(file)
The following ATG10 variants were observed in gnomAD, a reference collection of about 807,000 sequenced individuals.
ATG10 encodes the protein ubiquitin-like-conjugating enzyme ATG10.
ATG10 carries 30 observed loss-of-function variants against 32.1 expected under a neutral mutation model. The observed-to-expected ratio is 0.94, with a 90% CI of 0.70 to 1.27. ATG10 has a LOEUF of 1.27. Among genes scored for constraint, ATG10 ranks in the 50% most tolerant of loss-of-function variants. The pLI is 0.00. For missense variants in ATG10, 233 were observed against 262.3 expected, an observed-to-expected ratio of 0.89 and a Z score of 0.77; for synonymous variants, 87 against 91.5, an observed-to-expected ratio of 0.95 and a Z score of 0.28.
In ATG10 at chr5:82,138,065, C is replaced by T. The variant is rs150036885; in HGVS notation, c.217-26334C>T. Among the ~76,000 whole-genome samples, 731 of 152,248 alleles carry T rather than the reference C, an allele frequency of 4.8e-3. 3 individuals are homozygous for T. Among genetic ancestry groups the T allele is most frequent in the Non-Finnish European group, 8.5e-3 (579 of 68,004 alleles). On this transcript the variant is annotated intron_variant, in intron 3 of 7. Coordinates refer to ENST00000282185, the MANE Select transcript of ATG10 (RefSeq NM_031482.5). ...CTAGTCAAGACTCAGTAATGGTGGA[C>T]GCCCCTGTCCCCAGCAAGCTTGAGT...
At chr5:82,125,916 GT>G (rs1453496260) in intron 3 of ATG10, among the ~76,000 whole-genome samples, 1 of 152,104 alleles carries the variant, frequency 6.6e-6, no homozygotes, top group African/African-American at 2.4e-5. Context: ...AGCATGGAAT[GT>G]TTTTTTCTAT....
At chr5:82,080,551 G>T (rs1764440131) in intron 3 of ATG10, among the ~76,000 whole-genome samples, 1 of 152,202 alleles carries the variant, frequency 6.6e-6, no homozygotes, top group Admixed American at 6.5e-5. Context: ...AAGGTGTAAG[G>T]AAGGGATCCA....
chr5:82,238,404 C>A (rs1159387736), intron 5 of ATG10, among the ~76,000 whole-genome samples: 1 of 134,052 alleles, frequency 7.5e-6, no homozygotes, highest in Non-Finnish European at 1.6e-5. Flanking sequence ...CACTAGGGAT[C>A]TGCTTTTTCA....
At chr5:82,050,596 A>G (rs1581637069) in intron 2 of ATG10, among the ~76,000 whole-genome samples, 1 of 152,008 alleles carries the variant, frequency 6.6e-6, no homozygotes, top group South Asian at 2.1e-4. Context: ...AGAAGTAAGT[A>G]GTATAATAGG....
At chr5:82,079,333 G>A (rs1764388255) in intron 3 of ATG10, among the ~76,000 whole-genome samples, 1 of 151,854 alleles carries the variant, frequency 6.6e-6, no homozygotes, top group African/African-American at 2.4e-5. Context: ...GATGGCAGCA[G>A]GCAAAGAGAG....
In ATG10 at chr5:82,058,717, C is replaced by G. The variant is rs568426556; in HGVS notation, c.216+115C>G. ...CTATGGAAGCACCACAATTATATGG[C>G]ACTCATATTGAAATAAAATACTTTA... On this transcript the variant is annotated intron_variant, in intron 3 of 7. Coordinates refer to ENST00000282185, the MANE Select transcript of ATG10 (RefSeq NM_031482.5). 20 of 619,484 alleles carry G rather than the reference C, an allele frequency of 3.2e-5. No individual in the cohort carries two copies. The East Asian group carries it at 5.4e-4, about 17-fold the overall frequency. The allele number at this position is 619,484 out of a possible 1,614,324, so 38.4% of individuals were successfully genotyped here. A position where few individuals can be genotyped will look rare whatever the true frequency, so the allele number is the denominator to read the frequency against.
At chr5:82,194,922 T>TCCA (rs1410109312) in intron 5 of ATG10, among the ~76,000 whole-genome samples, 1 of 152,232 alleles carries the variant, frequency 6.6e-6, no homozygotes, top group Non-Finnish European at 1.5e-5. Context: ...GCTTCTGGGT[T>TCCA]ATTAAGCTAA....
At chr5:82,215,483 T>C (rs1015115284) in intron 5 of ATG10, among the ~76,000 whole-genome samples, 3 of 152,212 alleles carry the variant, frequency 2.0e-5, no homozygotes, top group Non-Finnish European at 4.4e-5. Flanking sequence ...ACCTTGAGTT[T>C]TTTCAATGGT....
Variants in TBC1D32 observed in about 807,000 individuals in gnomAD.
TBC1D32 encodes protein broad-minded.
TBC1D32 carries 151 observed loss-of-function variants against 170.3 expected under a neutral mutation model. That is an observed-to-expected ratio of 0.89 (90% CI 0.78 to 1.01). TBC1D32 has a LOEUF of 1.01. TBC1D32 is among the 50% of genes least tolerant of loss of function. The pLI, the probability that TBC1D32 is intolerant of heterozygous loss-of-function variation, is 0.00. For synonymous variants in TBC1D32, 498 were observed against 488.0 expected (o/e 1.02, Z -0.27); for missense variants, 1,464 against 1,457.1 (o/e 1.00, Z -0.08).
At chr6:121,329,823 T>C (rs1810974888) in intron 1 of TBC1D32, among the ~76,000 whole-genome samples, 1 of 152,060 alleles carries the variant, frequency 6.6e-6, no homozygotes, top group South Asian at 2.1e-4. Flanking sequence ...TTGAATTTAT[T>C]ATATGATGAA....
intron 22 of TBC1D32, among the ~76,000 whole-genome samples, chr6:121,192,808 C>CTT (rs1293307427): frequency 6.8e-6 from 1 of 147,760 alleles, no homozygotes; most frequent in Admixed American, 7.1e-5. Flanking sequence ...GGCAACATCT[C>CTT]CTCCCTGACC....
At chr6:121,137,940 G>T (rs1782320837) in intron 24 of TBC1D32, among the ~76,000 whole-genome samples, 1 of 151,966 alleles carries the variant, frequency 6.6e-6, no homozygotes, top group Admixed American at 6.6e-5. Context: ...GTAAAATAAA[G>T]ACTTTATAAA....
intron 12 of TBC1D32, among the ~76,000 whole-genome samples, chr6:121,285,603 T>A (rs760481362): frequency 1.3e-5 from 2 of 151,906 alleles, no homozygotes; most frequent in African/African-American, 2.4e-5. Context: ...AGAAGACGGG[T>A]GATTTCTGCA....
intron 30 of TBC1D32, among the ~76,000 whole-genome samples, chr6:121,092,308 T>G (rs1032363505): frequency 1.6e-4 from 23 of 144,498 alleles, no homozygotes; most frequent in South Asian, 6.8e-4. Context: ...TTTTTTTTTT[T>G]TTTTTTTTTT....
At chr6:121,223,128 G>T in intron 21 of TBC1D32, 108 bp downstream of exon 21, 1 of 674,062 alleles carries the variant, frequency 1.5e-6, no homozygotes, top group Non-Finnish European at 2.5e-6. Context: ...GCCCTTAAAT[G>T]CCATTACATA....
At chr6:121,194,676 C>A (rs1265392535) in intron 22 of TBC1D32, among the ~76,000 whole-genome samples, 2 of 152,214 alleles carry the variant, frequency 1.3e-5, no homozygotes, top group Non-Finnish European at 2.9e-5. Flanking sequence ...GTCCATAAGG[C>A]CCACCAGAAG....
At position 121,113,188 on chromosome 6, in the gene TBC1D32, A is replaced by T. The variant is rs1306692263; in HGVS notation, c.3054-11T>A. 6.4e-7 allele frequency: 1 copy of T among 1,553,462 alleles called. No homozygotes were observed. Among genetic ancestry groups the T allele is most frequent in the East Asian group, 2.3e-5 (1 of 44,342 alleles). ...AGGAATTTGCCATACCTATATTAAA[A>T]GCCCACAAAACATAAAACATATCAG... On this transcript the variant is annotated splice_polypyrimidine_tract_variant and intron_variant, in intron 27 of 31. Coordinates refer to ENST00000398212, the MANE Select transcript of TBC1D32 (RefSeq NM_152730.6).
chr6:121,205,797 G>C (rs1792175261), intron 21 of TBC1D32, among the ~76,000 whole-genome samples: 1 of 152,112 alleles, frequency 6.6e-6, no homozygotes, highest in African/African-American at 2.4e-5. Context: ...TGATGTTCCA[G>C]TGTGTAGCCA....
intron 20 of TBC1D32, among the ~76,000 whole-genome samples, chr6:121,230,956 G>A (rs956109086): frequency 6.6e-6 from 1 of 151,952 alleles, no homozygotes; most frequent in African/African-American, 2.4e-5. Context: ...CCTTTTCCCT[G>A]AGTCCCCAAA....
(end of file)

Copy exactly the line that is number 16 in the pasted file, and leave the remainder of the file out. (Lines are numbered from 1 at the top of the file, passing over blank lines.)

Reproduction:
At chr6:121,329,823 T>C (rs1810974888) in intron 1 of TBC1D32, among the ~76,000 whole-genome samples, 1 of 152,060 alleles carries the variant, frequency 6.6e-6, no homozygotes, top group South Asian at 2.1e-4. Flanking sequence ...TTGAATTTAT[T>C]ATATGATGAA....